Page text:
Pictures of Youth Pt 2

In the second part of the Maker’s thrilling two-part saga, The Stud Brothers and The Cure get utterly smashed and talk about the Japanese’s cruelty to fish the band’s cruelty to former member Lol Tolhurst, the rigours of a rock ‘n ‘roll tour when you’re not really a rock ‘n ‘roll band and Robert Smith’s threat to end it all.


“I really don’t know what I’m doing here I really think I should’ve gone to bed tonight” — Open, from Wish

We’re getting drunk with The Cure. Not tipsy or tiddly but really f***ing caned. It’s four in the morning and we’re firing on all cylinders.

There is, naturally, nothing at all wrong with interviewing people when they’re drunk or indeed being drunk when you interview people. Drunkenness can accomplish a great deal. It can, for instance, unlock secrets and confirm hopes. It can urge the indolent into action and the cowardly into battle. It can lift burdens from anxious minds and it can often make you talk a whole lot of bollocks (which is also okay, you can tell a lot by people’s bollocks)

Open, the first track on The Cure’s forthcoming album, Wish, is about that, bollocks and all, though it comes from Robert Smith’s own peculiarly pessimistic angle.

Presently, we’re just talking bullocks. The secrets and hopes can wait till later.

We’re talking bollocks about the Japanese for no better reason than that The Cure, Robert Smith tells us, are halfway through an arduous month of press and are tomorrow to be interviewed by Japan’s top pop programme, the astonishingly named Funky Tomato.

When we first hear him mention the programme we assume Funky Tomato to be his own witty nickname for some prospective Japanese interviewer.

Apparently not. In Japan, according to Robert Smith, there is genuinely a programme called Funky Tomato.

We discuss that. Then, having exhausted the subject of the Japanese’ slavish but fatally flawed following of Western culture, we discuss their unscrupulous business practices and their unholy taste for alcohol and endangered species. Two-thirds of the way through whales and why they should not be harpooned, the conversation takes a distinctly surreal turn.

Robert , evidently keen to further explore barbarity, announces the existence of a Japanese cannibal killer.

“Have you heard about him?”

No, but we’ll bet he’s a real bastard.

“Too right,” agrees Smith. “He was living in Paris and he ate one of his models, bit by bit over the period of a month. He got put away on the grounds that he was raging mad, he was put under psychiatric care. Then, two years later, his dad who was head of a big multinational got hi out and took him back to Japan where he’s now a free citizen in Yokohama. He’s written three best-selling books and has become a media celebrity.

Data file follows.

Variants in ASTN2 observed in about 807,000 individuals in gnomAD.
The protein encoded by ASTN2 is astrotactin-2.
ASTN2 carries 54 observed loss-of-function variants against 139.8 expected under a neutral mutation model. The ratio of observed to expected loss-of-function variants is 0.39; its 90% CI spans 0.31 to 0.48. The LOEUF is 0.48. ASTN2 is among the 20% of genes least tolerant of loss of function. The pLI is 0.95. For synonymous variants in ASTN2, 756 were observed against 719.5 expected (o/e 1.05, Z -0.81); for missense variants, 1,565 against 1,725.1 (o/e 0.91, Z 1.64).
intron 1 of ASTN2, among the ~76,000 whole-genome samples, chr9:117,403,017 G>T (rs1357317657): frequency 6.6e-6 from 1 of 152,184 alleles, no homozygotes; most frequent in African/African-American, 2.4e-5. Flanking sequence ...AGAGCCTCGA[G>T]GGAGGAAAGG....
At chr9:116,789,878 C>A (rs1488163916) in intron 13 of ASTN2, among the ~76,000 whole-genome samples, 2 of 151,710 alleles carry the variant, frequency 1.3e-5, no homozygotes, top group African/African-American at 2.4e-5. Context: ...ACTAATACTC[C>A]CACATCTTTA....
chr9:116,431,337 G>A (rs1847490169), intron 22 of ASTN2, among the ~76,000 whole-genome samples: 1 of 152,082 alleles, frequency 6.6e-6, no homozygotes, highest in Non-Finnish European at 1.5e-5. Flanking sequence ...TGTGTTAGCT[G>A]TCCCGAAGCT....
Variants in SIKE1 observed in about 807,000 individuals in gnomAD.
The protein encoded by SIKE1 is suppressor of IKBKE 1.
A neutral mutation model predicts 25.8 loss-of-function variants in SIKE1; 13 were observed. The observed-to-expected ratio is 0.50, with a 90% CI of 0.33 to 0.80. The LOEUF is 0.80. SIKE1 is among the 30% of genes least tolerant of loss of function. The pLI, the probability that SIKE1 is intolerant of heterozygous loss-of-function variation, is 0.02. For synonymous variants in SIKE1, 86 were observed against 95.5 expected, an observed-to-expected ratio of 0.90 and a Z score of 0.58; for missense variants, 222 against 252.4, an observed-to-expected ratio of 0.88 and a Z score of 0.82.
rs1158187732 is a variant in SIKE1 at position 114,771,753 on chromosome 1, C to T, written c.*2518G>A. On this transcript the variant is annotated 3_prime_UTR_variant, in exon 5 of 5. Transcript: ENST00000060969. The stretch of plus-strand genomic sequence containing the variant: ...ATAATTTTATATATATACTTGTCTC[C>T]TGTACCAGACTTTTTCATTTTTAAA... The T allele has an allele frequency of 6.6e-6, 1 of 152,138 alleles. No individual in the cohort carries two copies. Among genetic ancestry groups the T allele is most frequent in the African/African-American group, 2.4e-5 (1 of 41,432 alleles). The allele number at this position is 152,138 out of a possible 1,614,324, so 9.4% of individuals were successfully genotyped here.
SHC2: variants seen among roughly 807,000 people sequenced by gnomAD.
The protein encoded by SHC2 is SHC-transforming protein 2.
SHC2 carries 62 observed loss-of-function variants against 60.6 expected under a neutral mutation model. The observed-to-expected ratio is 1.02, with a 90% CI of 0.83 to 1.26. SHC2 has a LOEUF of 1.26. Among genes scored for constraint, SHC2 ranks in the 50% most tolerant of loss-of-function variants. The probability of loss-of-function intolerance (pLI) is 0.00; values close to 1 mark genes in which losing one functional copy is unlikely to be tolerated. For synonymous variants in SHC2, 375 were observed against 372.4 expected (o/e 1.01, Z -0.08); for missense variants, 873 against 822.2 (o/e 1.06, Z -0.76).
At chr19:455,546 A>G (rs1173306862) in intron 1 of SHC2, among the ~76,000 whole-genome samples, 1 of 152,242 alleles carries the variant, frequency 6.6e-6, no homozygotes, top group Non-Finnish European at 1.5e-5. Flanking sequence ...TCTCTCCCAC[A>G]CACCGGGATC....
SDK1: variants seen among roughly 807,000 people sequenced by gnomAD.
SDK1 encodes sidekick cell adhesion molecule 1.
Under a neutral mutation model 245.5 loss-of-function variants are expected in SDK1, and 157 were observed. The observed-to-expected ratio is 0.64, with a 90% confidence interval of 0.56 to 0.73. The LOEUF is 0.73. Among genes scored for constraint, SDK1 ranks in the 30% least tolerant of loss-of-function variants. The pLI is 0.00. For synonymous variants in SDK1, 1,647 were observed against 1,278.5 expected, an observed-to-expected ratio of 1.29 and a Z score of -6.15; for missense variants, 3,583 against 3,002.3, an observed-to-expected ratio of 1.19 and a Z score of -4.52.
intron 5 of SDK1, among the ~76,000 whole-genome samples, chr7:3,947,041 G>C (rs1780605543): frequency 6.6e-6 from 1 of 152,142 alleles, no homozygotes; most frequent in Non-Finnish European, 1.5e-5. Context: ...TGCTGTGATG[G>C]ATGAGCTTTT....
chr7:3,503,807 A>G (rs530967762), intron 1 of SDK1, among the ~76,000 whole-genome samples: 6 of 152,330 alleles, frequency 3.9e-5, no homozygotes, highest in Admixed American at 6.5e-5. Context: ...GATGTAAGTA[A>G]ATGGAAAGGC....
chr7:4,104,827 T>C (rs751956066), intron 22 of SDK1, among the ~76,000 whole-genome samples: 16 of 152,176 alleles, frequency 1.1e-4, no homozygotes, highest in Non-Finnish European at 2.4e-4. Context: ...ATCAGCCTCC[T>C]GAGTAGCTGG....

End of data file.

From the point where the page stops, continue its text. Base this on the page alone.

“Apparently, the first book is about the different parts of the human body and what they taste like and the third one’s about fetishism and how he’d like to be eaten. Only in Japan — those inscrutable Nintendo bastards! Xenophobia, we’re back again!”

We’re drinking Foster’s Export, having politely refused Simon Gallup’s offer of Crucial Brew, Tennents Super, Chablis and some liquorice-flavoured brain-erasing bastard juice.

“They’re also pongy, the Japanese,” says Simon, burping ferociously.

“Seriously,” says Robert, “talk to one of them, close your eyes and you can imagine you’re at the bottom of the sea.”

Boris nods philosophically.

“It’s the fish, you see,” he says. “They like to eat fish when they’re alive, to kill them in the most painful and watch them suffer. Lol (Tolhurst — former Cure member and band pariah) loved it over there, he’d walk into a restaurant and find the most horrific was of preparing an animal and say, ‘I want that one and I want it to die slowly’. Once he stubbed out a cigarette in a fish’s eye and said ‘You call that an ashtray?'”

Before he joined The Cure, Boris worked in a nuts and bolts factory, planted Christmas trees and was sacked from a warehouse for stealing a book called Drop Out, and is considered by the rest of the band to be the most enigmatic of them all. (Robert says, “He is the most mysterious bloke in the whole world. See how we’re all enthralled when he speaks? We know nothing about Boris.”)

We ponder the ugliness of stubbing cigarettes out in fish’s eyes and decide in the interest of ourselves, Boris, Lol, The Cure and world peace to introduce some culture into conversation. We wonder if any of The Cure patronised the recent Japanese exhibition at the Victoria and Albert.

There’s a resounding “No”.

It was very good. They recreated an entire Tokyo street.

“Complete with noise?” asks Robert, disinterestedly.

Oh yeah.

“And potato-sellers?”